Infecções por Coronavirus/prevenção & controle , Pandemias/prevenção & controle , Pneumonia Viral/prevenção & controle , Infecções por Coronavirus/epidemiologia , Difusão de Inovações , Governo , Administração de Instituições de Saúde , Humanos , Pneumonia Viral/epidemiologia , Administração em Saúde Pública , República da Coreia/epidemiologia
4.
J Am Dent Assoc ; 151(11): 808-809, 2020 11.
Artigo em Inglês | MEDLINE | ID: mdl-33121597
5.
J Am Dent Assoc ; 151(11): 809-810, 2020 11.
Artigo em Inglês | MEDLINE | ID: mdl-33121598
6.
J Nurs Educ ; 59(9): 522-525, 2020 Sep 01.
Artigo em Inglês | MEDLINE | ID: mdl-32865587

RESUMO

BACKGROUND: Amidst the COVID-19 pandemic, university instruction was transitioned online, including an undergraduate nursing clinical course. Charged with developing and executing virtual simulations, an online clinical course was conceived. METHOD: Simulated clinical experiences were crafted using a combination of student preassignments and video-conferencing facilitated by faculty. Each experience included the collective review of a case study and student-developed care plans before viewing and debriefing a series of videos. Students summarized their experience in a weekly written reflection. RESULTS: Student feedback was examined through their reflections and verbal responses. The videos served as catalysts for robust discussion. Feedback was overwhelmingly positive related to an interactive experience, a heightened sense of teamwork, and enhanced comprehension by sharing differing perspectives of common experiences. CONCLUSION: This educational innovation was successful in creating an engaging environment that facilitated student learning and a sense of togetherness during a global pandemic. The use of technology enabled the continuity of a productive teaching-learning experience. [J Nurs Educ. 2020;59(9):522-525.].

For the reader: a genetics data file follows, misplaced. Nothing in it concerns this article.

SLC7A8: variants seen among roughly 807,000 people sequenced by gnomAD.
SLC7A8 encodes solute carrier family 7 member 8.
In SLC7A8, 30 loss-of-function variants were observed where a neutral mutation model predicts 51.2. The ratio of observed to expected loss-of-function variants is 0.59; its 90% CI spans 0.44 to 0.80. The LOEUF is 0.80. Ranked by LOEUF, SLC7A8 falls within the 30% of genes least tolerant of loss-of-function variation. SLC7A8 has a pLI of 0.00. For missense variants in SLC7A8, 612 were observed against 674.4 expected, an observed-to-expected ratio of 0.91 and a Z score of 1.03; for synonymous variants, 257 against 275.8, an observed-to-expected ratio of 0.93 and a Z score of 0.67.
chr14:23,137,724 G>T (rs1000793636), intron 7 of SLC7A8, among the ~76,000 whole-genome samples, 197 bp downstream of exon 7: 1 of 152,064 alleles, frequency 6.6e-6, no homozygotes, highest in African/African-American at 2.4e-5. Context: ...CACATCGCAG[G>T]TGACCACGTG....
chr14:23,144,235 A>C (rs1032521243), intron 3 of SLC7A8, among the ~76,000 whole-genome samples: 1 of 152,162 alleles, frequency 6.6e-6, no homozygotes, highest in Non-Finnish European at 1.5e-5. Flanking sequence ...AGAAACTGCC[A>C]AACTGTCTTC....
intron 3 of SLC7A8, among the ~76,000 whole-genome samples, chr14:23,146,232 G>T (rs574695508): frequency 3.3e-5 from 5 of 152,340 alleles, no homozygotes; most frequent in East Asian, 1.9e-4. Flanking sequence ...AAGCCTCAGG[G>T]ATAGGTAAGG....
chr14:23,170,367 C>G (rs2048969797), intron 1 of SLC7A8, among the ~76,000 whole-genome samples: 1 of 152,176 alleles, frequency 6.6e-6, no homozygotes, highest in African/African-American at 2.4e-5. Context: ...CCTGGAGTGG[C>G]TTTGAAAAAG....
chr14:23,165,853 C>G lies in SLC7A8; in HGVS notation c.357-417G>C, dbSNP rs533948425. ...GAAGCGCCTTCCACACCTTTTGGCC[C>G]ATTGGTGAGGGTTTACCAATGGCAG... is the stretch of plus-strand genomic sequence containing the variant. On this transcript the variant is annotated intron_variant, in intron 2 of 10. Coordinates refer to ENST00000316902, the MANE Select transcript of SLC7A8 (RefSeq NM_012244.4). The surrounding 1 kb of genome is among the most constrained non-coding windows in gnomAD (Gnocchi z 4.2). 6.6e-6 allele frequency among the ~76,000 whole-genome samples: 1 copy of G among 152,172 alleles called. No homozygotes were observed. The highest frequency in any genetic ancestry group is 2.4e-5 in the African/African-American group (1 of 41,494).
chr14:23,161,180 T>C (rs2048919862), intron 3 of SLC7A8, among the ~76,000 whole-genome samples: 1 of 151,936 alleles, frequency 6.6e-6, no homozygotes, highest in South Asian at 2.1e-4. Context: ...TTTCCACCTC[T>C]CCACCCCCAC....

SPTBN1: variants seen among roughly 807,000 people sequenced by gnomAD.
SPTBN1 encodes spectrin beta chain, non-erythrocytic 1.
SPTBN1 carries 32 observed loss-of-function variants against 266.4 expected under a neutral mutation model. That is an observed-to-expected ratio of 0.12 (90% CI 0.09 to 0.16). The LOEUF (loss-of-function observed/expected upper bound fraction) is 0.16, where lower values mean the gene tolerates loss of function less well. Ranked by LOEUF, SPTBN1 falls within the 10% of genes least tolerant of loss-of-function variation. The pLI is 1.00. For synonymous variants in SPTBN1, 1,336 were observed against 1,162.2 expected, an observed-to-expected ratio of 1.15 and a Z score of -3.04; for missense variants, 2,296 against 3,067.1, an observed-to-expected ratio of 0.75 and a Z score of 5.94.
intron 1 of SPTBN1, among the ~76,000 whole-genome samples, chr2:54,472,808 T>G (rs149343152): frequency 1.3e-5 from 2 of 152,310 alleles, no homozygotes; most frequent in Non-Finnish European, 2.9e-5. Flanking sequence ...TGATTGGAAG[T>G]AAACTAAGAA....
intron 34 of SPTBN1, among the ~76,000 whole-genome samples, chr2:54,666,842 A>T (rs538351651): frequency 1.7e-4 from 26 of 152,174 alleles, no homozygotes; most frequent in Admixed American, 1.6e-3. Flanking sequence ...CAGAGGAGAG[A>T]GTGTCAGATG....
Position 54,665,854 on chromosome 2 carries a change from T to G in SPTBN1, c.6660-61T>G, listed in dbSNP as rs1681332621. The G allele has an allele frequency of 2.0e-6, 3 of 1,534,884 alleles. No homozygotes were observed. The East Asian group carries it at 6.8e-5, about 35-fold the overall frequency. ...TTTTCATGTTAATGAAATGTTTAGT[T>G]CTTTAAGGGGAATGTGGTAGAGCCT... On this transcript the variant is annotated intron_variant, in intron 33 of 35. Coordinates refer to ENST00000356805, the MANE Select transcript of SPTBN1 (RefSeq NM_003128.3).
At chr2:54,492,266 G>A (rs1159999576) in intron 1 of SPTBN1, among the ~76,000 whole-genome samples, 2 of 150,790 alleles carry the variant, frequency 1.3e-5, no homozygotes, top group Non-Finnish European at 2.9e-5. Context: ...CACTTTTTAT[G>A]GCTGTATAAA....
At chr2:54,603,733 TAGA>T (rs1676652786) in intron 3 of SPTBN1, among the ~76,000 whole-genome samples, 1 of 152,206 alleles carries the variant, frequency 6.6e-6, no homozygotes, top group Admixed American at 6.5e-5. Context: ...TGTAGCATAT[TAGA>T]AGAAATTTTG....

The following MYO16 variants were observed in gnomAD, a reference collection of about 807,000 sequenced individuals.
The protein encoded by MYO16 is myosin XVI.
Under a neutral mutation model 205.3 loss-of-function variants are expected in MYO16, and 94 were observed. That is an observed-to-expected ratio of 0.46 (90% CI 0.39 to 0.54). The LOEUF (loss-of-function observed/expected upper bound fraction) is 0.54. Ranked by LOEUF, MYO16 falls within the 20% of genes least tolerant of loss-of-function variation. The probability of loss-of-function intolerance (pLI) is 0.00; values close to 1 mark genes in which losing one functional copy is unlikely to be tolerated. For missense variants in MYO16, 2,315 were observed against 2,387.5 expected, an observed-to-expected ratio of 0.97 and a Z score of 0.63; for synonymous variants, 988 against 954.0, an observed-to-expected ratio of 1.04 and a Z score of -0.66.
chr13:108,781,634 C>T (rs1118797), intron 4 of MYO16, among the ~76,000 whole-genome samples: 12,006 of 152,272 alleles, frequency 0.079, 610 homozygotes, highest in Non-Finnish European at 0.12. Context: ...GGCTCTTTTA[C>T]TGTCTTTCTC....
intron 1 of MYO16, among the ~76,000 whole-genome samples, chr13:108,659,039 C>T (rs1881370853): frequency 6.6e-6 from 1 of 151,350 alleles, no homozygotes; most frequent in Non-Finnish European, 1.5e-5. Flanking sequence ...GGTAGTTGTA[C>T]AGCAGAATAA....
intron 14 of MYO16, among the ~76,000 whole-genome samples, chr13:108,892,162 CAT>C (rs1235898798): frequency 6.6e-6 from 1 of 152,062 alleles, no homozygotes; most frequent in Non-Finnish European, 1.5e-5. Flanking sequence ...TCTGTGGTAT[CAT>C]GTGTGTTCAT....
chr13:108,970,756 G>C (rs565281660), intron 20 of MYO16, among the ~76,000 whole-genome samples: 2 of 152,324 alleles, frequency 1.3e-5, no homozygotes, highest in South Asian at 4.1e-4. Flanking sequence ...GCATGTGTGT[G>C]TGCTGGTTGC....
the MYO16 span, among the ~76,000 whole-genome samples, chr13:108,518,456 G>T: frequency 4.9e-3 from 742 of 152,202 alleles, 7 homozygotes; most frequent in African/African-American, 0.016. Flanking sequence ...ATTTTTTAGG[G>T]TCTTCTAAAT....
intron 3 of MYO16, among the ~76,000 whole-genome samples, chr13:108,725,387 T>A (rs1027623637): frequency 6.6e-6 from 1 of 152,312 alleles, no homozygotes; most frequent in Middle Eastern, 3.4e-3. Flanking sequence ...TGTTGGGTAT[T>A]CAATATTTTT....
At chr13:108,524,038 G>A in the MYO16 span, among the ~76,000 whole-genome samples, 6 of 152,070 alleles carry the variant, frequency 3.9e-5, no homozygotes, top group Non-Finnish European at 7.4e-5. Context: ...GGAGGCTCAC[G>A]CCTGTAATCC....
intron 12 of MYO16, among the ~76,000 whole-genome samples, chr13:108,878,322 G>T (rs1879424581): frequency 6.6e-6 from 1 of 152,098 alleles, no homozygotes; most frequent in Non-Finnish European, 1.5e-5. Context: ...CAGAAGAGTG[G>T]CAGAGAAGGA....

Assuntos
Currículo , Educação a Distância/organização & administração , Bacharelado em Enfermagem/organização & administração , Treinamento por Simulação/organização & administração , Infecções por Coronavirus/epidemiologia , Difusão de Inovações , Humanos , Aprendizagem , Pesquisa em Educação de Enfermagem , Pesquisa em Avaliação de Enfermagem , Pandemias , Pneumonia Viral/epidemiologia , Estudantes de Enfermagem/psicologia
7.
Sante Publique ; 32(2): 221-228, 2020.
Artigo em Francês | MEDLINE | ID: mdl-32985838

RESUMO